Some of the greatest stress of service life is often experienced by the families of the men and women in the ADF.
CAPTION: Allison Currey (pictured) recently spent seven months away from her family deployed in the Middle East. Story by John Noble.
Regular interstate or overseas deployment can place significant strain on a family and the support they receive can make a huge difference during these periods.
National Families Week, from May 15-21, puts the spotlight on how Australian families are coping with the pressures of modern life and allowed an opportunity to focus on the support the ADF provides to its own families in Australia and overseas.
Allison Currey is especially familiar with the impact working overseas can have on family life having recently spent almost seven months on a deployment to the Middle East while her family coped without her back in Canberra.
On temporary assignment to Defence’s Joint Logistics Command, Ms Currey was successful in securing the APS contract manager role within Operation Accordion to help coordinate a wide range of support for ADF personnel at Camp Baird.
Working with contracted partner Serco, Ms Currey helped provide support via a range of important services ranging from catering through to accommodation management, transport, logistics and facilities maintenance.
Ms Currey’s husband, Royal Australian Air Force Sergeant Reece Rosenblatt, who works as a web manager with RAAF in Canberra, held the fort at home, looking after the family while Ms Currey was in the Middle East.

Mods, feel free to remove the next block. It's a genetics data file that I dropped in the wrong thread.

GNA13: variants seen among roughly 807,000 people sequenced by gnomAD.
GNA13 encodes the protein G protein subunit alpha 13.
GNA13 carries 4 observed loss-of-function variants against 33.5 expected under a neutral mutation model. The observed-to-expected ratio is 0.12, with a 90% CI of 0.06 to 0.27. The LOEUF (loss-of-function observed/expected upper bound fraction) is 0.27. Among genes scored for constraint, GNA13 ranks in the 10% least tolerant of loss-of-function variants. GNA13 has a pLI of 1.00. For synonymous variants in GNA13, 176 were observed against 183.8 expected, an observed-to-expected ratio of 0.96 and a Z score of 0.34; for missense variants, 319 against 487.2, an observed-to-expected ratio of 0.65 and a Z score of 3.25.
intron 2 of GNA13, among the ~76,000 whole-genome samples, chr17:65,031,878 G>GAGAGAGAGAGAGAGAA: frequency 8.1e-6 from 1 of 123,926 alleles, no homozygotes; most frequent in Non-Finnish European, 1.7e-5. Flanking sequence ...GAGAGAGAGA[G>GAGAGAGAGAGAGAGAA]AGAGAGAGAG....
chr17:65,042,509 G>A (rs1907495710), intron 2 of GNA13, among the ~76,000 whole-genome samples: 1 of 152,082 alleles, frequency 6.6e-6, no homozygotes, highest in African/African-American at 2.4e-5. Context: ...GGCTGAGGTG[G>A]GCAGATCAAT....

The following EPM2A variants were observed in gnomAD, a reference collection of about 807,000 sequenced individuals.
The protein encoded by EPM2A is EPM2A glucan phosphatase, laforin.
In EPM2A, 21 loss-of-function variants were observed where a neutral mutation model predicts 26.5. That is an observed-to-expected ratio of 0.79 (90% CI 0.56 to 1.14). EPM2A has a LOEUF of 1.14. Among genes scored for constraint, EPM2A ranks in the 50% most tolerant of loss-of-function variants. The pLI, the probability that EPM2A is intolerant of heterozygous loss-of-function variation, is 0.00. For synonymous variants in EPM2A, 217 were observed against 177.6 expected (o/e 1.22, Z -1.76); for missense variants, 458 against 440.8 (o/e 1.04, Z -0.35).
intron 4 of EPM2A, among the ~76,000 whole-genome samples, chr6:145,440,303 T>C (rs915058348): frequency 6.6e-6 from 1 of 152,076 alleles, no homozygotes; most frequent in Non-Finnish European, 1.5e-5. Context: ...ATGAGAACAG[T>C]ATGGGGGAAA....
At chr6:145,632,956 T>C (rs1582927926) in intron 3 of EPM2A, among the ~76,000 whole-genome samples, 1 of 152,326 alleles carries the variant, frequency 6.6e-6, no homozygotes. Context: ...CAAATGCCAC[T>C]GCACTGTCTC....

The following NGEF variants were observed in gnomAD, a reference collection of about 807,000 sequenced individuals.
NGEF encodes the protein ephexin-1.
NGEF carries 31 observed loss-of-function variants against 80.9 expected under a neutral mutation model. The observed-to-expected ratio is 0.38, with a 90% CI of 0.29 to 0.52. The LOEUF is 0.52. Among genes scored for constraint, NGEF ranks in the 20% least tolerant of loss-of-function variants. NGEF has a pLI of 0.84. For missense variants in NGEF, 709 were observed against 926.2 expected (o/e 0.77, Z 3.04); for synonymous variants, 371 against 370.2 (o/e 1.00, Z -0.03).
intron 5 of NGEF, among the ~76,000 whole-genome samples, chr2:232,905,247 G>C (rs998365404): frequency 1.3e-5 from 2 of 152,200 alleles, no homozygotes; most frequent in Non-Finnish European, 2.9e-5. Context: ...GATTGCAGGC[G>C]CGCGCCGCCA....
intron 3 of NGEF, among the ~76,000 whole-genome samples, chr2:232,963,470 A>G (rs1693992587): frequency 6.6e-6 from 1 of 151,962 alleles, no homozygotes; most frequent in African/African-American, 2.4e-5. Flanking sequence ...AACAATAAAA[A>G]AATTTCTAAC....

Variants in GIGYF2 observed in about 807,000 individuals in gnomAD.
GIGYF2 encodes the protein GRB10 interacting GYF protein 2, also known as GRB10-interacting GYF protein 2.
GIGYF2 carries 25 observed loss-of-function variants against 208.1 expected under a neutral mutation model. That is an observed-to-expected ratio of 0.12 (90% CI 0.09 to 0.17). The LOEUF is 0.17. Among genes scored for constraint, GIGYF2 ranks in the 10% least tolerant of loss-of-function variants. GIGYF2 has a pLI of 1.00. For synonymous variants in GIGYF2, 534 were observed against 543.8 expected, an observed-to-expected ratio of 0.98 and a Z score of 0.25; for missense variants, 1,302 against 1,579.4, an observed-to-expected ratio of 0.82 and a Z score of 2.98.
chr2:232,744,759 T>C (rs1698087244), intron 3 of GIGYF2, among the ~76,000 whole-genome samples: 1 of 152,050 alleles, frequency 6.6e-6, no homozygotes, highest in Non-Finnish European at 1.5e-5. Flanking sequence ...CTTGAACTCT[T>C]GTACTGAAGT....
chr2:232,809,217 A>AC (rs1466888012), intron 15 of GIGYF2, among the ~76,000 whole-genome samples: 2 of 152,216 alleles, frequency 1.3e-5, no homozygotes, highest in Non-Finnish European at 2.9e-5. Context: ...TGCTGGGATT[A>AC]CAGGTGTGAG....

She said the support her husband received from RAAF showed the organisation cared – and it made all the difference.
“RAAF supported Reece by continuing flexible working arrangements that flowed on from COVID working-from-home policy,” Ms Currey said.
“By enabling Reece to continue to work from home flexibly, he was able to manage the household more easily, being available for our children before and after school – whether it was drop-offs and pick-ups – being with them if they were ill and getting them to sporting commitments more easily.
“He was also home with them after school, which previously we have struggled to fit into normal working hours.
“I really believe this change has benefited the children as they often appeared less stressed when we talked, and we have seen an improvement in their help around the house and school work.”
Without modern technology, Ms Currey is convinced her time away from her family would have been significantly harder.
“While away, I communicated with my family via phone and Signal message and emails, but predominantly we Skyped or used video to see one another in person. It was brilliant,” Ms Currey said.
“With my father in a nursing home, the emails and photos were a great way for us to stay connected and let them see some of the life I was experiencing both on and off base when we were able to get off base.
“We are lucky to have great support from our Royal Australian Air Force friends and their families who share similar experiences of absences, as well as our own family network who are very accustomed to someone in the family being away often for both long and short periods.”